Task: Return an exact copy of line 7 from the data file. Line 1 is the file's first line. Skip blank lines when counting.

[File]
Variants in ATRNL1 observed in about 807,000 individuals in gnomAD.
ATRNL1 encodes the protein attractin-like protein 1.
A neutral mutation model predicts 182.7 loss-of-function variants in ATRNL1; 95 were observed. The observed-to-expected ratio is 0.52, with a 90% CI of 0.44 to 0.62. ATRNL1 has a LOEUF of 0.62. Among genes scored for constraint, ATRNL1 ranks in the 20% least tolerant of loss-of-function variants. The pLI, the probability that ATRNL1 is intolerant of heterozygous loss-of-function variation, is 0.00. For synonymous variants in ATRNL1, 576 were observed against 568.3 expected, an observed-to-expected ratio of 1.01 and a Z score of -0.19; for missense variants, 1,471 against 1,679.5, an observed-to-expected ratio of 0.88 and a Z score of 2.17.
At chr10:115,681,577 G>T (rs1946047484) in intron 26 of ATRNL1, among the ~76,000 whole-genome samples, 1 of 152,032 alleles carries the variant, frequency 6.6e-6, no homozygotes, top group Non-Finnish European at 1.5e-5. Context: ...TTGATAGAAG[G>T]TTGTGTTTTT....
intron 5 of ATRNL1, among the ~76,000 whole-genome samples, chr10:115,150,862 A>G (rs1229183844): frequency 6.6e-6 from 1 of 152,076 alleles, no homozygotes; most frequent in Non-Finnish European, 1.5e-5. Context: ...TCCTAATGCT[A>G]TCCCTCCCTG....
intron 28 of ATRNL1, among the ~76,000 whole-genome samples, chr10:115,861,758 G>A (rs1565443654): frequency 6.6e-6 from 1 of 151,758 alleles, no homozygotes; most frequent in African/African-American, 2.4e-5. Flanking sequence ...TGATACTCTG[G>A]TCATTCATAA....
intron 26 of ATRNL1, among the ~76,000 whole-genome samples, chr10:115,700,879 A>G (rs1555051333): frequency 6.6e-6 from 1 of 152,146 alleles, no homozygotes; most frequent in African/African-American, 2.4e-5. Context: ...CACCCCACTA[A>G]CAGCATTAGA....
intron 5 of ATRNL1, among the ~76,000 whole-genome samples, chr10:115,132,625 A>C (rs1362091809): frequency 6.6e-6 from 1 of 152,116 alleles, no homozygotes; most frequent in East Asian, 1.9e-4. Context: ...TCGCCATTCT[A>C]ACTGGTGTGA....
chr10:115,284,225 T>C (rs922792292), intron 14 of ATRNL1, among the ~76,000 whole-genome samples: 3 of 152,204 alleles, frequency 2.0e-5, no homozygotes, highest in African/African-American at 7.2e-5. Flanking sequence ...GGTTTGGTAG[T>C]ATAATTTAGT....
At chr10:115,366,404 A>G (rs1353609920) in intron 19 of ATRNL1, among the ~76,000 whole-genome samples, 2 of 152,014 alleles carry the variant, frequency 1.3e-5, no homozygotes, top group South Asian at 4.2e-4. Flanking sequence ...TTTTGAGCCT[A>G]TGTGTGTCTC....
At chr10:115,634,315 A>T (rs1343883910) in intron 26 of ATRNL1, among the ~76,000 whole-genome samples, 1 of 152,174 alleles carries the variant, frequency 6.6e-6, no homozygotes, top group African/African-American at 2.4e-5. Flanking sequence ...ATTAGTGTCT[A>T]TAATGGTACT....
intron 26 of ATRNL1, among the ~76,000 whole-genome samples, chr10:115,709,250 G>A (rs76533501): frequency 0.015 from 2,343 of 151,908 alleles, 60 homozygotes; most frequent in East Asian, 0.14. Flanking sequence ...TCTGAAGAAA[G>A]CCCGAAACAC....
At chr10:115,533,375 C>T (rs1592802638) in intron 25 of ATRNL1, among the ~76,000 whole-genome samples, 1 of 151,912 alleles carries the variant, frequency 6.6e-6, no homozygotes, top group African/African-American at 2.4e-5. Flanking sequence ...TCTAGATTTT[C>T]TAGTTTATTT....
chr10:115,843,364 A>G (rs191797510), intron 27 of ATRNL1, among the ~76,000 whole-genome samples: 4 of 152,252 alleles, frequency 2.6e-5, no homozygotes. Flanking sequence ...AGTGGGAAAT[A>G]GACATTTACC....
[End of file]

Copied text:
intron 26 of ATRNL1, among the ~76,000 whole-genome samples, chr10:115,700,879 A>G (rs1555051333): frequency 6.6e-6 from 1 of 152,146 alleles, no homozygotes; most frequent in African/African-American, 2.4e-5. Context: ...CACCCCACTA[A>G]CAGCATTAGA....